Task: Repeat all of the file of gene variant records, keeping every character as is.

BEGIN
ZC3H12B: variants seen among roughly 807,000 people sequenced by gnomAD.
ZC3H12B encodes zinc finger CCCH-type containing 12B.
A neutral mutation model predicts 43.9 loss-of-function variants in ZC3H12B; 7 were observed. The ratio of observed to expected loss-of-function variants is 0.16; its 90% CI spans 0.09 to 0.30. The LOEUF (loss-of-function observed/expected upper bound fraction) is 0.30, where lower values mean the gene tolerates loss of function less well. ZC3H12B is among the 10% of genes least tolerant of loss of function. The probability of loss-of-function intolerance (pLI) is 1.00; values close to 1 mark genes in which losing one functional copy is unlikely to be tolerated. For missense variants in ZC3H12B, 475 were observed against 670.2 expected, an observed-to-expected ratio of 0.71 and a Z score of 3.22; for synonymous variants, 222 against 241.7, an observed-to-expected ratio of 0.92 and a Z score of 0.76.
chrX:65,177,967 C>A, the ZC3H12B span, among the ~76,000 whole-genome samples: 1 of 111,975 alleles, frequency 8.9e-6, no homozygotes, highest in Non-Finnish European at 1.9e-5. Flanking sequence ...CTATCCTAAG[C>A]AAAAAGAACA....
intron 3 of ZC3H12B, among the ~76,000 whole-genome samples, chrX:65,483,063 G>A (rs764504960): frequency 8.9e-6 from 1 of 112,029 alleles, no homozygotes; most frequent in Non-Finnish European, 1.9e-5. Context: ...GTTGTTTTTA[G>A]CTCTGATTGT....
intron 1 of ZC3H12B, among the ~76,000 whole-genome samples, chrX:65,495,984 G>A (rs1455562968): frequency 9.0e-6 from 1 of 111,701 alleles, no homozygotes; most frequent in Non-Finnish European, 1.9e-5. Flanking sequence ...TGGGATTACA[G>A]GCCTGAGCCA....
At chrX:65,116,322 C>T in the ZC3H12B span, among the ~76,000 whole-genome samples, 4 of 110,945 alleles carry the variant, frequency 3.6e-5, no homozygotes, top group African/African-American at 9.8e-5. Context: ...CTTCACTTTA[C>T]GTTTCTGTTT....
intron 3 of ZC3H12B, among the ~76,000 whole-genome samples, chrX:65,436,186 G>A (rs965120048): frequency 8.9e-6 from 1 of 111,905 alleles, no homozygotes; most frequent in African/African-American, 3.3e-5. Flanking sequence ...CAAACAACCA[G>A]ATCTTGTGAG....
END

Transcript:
ZC3H12B: variants seen among roughly 807,000 people sequenced by gnomAD.
ZC3H12B encodes zinc finger CCCH-type containing 12B.
A neutral mutation model predicts 43.9 loss-of-function variants in ZC3H12B; 7 were observed. The ratio of observed to expected loss-of-function variants is 0.16; its 90% CI spans 0.09 to 0.30. The LOEUF (loss-of-function observed/expected upper bound fraction) is 0.30, where lower values mean the gene tolerates loss of function less well. ZC3H12B is among the 10% of genes least tolerant of loss of function. The probability of loss-of-function intolerance (pLI) is 1.00; values close to 1 mark genes in which losing one functional copy is unlikely to be tolerated. For missense variants in ZC3H12B, 475 were observed against 670.2 expected, an observed-to-expected ratio of 0.71 and a Z score of 3.22; for synonymous variants, 222 against 241.7, an observed-to-expected ratio of 0.92 and a Z score of 0.76.
chrX:65,177,967 C>A, the ZC3H12B span, among the ~76,000 whole-genome samples: 1 of 111,975 alleles, frequency 8.9e-6, no homozygotes, highest in Non-Finnish European at 1.9e-5. Flanking sequence ...CTATCCTAAG[C>A]AAAAAGAACA....
intron 3 of ZC3H12B, among the ~76,000 whole-genome samples, chrX:65,483,063 G>A (rs764504960): frequency 8.9e-6 from 1 of 112,029 alleles, no homozygotes; most frequent in Non-Finnish European, 1.9e-5. Context: ...GTTGTTTTTA[G>A]CTCTGATTGT....
intron 1 of ZC3H12B, among the ~76,000 whole-genome samples, chrX:65,495,984 G>A (rs1455562968): frequency 9.0e-6 from 1 of 111,701 alleles, no homozygotes; most frequent in Non-Finnish European, 1.9e-5. Flanking sequence ...TGGGATTACA[G>A]GCCTGAGCCA....
At chrX:65,116,322 C>T in the ZC3H12B span, among the ~76,000 whole-genome samples, 4 of 110,945 alleles carry the variant, frequency 3.6e-5, no homozygotes, top group African/African-American at 9.8e-5. Context: ...CTTCACTTTA[C>T]GTTTCTGTTT....
intron 3 of ZC3H12B, among the ~76,000 whole-genome samples, chrX:65,436,186 G>A (rs965120048): frequency 8.9e-6 from 1 of 111,905 alleles, no homozygotes; most frequent in African/African-American, 3.3e-5. Flanking sequence ...CAAACAACCA[G>A]ATCTTGTGAG....